Officials Lead National African-American History and Culture Museum Groundbreaking - Higher Education
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Officials Lead National African-American History and Culture Museum Groundbreaking

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by Jamaal Abdul-Alim

WASHINGTON, D.C. — In a project hailed as a milestone in the nation’s history, President Obama joined celebrities, political luminaries and scholars Wednesday for the symbolic groundbreaking of the National Museum of African American History and Culture.

“This is a milestone moment not only for the Smithsonian but for the United States,” said actress Phylicia Rashad, who served as mistress of ceremonies.

“Today, we take the first step in creating an iconic building that will house something truly wonderful,” Rashad said. “A museum with the power to change hearts and minds and ultimately the nation.”

President Obama — who along with first lady Michelle Obama stayed on stage inside a tent at the site for almost the entire duration of the nearly two-hour event — said it was fitting that the museum found a home on the National Mall, a place that has witnessed events that range from the slave trade to the 1963 historic March on Washington.

“It was here that the pillars of our democracy were built, often by Black hands,” Obama said of the museum site, which is within the shadow of the Washington Monument.

“And it is on this spot — alongside the monuments to those who gave birth to this nation, and those who worked so hard to perfect it — that generations will remember the sometimes difficult, often inspirational, but always central role that African-Americans have played in the life of our country,” Obama said.

When the museum opens — as it is set to do in late 2015 —  Obama said he hopes it will lead future generations to not see African-American history as something separate from the larger American story.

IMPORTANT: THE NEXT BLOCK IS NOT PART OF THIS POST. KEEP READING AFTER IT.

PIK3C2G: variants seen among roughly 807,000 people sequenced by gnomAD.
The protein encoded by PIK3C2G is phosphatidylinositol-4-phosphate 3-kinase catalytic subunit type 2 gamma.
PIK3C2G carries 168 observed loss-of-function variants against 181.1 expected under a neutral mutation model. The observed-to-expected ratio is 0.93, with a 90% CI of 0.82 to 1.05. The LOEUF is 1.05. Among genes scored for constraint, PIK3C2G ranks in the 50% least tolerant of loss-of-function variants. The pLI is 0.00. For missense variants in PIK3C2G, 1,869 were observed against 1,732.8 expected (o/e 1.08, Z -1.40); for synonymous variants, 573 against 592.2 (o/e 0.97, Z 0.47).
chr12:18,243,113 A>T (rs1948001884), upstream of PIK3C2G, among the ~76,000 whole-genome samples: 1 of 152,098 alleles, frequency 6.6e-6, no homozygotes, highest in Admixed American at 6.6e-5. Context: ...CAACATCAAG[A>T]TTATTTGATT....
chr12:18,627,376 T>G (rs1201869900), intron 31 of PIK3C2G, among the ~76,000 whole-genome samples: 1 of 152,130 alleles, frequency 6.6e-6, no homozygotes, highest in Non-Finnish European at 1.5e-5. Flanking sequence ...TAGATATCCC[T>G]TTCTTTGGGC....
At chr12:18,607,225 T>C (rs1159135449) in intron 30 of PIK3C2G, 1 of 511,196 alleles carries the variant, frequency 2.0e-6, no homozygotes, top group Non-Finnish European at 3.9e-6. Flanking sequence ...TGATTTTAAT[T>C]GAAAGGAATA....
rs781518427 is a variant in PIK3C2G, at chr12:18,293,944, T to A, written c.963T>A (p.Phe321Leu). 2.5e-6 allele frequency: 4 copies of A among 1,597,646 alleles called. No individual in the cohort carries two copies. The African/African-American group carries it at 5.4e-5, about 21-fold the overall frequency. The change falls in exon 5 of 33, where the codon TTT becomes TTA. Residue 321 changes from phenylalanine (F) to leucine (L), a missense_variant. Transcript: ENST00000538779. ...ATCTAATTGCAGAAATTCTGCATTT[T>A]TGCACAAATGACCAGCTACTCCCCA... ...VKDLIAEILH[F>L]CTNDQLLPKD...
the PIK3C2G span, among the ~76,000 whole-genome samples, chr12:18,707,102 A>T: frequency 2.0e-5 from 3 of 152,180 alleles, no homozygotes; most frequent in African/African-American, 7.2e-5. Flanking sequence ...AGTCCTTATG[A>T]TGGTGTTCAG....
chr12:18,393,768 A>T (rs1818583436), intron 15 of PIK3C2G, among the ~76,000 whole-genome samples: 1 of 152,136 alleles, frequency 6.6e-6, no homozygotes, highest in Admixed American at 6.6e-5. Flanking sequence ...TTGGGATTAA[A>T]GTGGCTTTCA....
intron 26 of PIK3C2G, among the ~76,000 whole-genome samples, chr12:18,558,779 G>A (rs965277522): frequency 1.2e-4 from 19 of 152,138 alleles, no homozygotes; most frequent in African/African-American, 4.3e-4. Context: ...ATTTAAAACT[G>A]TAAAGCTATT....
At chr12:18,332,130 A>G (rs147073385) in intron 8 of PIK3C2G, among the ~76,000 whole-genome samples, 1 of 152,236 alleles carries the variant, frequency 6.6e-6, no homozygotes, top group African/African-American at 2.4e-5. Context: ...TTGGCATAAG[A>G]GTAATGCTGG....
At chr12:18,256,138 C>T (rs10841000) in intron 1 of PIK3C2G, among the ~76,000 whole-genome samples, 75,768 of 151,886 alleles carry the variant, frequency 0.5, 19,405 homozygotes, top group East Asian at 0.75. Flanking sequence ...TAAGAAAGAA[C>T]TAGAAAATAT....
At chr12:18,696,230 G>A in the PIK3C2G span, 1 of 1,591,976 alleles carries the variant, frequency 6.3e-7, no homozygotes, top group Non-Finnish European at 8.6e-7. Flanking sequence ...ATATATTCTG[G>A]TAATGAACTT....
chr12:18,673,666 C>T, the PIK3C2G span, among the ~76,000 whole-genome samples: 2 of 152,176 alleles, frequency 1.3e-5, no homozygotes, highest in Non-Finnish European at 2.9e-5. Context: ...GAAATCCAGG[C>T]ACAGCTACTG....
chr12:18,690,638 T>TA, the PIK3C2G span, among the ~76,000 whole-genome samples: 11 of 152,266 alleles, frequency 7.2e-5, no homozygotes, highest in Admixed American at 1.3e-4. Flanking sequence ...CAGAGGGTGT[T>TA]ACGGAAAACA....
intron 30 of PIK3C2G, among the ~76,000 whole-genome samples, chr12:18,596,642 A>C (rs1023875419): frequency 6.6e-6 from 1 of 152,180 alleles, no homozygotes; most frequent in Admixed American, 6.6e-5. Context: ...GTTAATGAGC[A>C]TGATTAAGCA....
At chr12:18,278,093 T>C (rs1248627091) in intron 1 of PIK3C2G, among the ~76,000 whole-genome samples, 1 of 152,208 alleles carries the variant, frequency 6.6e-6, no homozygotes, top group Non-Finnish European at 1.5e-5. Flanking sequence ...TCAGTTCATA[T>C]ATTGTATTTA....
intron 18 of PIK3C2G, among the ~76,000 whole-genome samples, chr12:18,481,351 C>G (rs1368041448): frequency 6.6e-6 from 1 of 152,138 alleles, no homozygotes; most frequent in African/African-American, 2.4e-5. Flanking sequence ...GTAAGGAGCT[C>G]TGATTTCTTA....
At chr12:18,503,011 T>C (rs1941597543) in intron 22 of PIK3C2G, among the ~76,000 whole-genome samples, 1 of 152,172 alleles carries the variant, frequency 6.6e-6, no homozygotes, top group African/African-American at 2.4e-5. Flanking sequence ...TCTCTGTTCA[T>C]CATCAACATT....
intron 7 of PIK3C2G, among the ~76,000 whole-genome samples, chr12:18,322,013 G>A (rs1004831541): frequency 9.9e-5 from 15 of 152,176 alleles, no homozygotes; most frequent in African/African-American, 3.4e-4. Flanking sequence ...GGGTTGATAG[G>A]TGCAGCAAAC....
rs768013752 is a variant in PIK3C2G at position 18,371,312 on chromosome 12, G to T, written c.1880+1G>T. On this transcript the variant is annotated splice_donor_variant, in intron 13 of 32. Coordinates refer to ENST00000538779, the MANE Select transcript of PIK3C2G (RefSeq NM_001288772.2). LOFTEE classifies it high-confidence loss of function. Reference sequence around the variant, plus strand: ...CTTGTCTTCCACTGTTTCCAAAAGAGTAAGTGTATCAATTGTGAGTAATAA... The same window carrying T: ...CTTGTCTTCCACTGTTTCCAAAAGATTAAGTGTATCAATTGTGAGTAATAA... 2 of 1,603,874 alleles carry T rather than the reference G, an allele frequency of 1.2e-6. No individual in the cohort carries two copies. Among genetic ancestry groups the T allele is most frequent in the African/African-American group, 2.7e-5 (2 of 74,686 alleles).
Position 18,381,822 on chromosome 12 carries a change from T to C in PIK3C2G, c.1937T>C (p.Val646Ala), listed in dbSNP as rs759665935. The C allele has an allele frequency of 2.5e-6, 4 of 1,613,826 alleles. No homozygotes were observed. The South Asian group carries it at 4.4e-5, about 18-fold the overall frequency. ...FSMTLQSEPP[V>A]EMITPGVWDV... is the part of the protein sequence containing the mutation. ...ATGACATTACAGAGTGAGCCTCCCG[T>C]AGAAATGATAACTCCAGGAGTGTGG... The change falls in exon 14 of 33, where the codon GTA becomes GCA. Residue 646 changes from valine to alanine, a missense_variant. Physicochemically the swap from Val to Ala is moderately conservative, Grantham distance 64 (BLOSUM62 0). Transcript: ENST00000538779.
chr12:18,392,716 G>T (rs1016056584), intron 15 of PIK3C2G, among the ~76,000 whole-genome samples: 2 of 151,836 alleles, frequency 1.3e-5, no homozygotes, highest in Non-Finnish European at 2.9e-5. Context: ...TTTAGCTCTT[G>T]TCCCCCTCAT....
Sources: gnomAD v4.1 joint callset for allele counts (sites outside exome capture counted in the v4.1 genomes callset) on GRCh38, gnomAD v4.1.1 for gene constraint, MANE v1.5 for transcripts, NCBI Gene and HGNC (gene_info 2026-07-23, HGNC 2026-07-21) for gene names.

“I want them to see it as central — an important part of our shared story,” he said. “A call to see ourselves in one another.”

Wednesday’s ceremony represents the culmination of work that began when the National Museum of African American History and Culture was created by an act of Congress in 2003.

“My husband, President George Bush, was proud to sign it into law,” said former first lady Laura Bush, who serves on the council established to advise the Smithsonian’s Board of Regents on various issues relative to the museum, including its planning, construction and administration.

The former first lady said it was fitting that the museum be near the monument to the nation’s first president, whom she said fought for liberty and “recognized the evils of bondage” by decreeing in his will that all of his slaves should be set free.

The museum, which is operating on a budget of $15 million in fiscal 2012 and $75 million for construction, is being overseen by director Lonnie G. Bunch III.

It currently has some 25,000 artifacts — some of which are already on travelling exhibitions — shackles and bills of sale from the slave trade, Nat Turner’s Bible, Harriet Tubman’s hymn book, Louis Armstrong’s trumpet and Muhammad Ali’s headgear.

Dr. Richard Kurin, undersecretary for history, art, and culture at the Smithsonian Institution, noted how during the abolitionist era, the first secretary of the Smithsonian, Joseph Henry, refused to allow the great abolitionist orator Frederick Douglass to speak in a series of lectures the institution was hosting.

“He said, ‘I will not allow a Black man to speak in the rooms of the Smithsonian,’” Kurin recalled. “The irony is Secretary Henry’s most reliable staff member was Solomon Brown.” Brown was the first African-American employee at the Smithsonian, who worked in museum positions that ranged from general laborer to mapmaker.

“We can’t change what he said, but we can correct it,” Kurin said of the role of the new museum. “Frederick Douglass’ words will be heard within the rooms of the Smithsonian.”

Congressman John Lewis, D-Ga., sponsor of the legislation that created the museum, called the museum the “substance of things hoped for and validation of our dreams.”

“We must tell the story, the whole story, 400 years of African-American contributions to this nation’s history, from slavery to the present, without anger or apology,” Lewis said. “Make it plain, make it clear that there’s still a great deal of pain that needs to be healed. Stories told in this building can speak the truth that has the power to set an entire nation free.”

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